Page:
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February 28, 2013

Facebook Dumps Fakes and Spammers

Facebook Defriend

I recently heard a seminar speaker say, “Facebook is dead.  People are leaving in droves.”   This particular speaker also said that she used Facebook exclusively to promote her blogs and writing.  I can vouch for her being a successful blogger – one who taught me a thing or two – and someone I like and enjoy talking to.  But there’s been a problem growing on Facebook.  There’s a steady group growing – a group of Facebook users who collect Facebook’s limit of 5000 friends and then became a “one topic poster” – the topic being – them, or their business.  These people are only interested in Facebook’s ability to directly market their content.  PERIOD.

To me – it’s SPAM. 

Facebook’s core mission is to be a social network, not a marketing channel.  They’ve made adjustments to the platform that doesn’t reward the ones who want to push marketing copy.

And the people aren’t l that the speaker mentioned above referred to aren’t the traditional users.   The drop in Facebook users came from Facebook deleting fake accounts (used for SPAM) and making it more difficult for SPAMMERS to be successful.


SPAM is unwanted content in a private communication stream – junk mail in your mailbox, telemarketers on your telephone, SPAM in you inbox, sales flyers in your fax machine ….and unsolicited opinions, sales pitches for products and services, and political rhetoric in your newsfeed, twitter stream, and inbox.  Oh… and now it’s also the millions of SHARES for this Macbook Pro or cowgirl boots or diamond ring or fly-fishing rod  that “friends” might win if they share share share (advertise) ad nauseum on Facebook.  Vendors are playing on the good nature of Facebook users who love their products to SPAM their friends to death.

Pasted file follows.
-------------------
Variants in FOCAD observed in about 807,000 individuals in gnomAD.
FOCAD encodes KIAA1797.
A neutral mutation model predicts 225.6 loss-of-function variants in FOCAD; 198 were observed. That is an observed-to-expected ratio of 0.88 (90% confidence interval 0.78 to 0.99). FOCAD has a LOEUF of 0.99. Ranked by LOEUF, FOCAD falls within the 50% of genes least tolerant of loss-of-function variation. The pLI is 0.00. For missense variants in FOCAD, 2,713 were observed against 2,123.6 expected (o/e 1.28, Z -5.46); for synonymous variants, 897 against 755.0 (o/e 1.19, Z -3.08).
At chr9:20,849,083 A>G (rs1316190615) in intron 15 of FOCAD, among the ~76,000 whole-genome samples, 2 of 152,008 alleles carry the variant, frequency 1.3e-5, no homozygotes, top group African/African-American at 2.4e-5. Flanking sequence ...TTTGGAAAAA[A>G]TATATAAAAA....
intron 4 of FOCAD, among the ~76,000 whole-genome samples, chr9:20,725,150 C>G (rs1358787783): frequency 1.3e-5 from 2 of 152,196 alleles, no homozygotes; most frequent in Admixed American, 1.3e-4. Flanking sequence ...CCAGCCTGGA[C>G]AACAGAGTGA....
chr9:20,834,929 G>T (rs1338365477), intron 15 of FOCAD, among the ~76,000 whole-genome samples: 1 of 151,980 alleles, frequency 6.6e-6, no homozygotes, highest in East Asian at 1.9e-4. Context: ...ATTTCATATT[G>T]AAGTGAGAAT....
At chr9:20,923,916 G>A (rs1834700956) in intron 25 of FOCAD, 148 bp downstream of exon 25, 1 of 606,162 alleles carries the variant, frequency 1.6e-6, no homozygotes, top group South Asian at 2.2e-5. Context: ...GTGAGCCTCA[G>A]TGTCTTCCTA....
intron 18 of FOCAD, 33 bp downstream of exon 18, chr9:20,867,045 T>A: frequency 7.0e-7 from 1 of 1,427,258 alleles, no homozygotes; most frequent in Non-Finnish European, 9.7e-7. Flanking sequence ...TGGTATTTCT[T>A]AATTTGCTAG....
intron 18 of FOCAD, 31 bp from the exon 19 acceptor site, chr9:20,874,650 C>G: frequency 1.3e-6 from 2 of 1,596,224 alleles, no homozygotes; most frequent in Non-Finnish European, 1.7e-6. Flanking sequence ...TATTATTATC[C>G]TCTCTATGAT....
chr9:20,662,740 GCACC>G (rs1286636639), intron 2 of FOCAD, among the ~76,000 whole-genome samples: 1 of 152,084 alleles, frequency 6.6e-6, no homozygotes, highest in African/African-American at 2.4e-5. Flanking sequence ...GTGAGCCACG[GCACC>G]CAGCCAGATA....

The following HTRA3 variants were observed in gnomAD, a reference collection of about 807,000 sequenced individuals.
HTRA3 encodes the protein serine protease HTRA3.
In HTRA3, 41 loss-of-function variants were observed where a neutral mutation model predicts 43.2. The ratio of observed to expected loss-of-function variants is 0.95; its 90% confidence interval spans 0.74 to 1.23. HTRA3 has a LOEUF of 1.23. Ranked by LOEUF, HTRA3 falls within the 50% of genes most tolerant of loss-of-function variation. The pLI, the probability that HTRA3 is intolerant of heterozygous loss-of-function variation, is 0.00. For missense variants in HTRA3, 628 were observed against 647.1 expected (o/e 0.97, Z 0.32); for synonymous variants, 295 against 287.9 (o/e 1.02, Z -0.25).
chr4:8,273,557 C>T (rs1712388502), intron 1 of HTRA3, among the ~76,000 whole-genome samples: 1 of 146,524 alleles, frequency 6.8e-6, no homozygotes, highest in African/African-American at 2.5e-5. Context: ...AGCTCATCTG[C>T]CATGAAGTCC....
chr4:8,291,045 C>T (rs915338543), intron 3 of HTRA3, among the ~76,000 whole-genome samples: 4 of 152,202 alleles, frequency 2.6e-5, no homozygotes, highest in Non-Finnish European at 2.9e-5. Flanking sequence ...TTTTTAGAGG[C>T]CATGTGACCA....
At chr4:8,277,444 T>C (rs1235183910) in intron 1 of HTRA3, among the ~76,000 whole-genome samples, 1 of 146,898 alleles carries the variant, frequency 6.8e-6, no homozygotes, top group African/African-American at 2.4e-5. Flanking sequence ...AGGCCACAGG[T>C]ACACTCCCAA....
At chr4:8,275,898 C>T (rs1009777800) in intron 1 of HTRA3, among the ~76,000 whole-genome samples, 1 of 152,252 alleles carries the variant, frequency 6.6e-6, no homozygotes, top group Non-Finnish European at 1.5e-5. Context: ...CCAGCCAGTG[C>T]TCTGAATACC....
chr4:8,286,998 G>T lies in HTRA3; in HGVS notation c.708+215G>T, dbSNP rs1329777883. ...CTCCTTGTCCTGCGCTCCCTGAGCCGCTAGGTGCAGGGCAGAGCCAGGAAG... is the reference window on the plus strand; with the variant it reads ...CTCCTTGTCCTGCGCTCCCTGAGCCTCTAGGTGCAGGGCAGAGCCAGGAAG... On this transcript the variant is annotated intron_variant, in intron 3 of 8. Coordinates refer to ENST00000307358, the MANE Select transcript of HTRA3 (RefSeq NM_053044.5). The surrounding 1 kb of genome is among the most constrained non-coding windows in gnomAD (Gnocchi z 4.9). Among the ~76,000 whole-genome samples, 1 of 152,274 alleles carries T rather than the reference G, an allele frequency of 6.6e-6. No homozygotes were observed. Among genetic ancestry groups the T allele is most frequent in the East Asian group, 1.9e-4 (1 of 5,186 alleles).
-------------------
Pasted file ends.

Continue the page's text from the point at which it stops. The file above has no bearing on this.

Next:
And even if these poor saps do win … is it worth being part of a collective effort that puts your friends through that kind of hell?

SPAMMERS would say “yes.”  SPAMMERS are not interested in socializing or making friends.  They’ll tell you they don’t have time to be “friends” on Facebook.  They intend to ram crap through your newsfeeds because it puts more eyes on them, increases their exposure, and does so at your expense.  AND they don’t want to be your friend.

Google+ HELL – Perhaps this is a good time to mention how much I HATE that Google+ encourages people to go beyond sharing content with one’s circles but adds an option button to “share with your circles but also junk up their inboxes with your very important content in case they didn’t check their Google+ feed.”  <– Attention Deficit Disorder kicking in here.  Now, back on track.


So if we all hate SPAM, why doesn’t it just fade away?  Talk to a pro-spammer and they’ll explain that SPAM actually brings results.  It’s free and easy to build a campaign, and it tends to work especially for things people don’t want to publicly admit they need or want – weight loss solutions, sexual enhancements, beauty, shopping deals, quick business gains.  So a free SPAM blast will bring customers and the SPAMMERS don’t care about the people they annoy.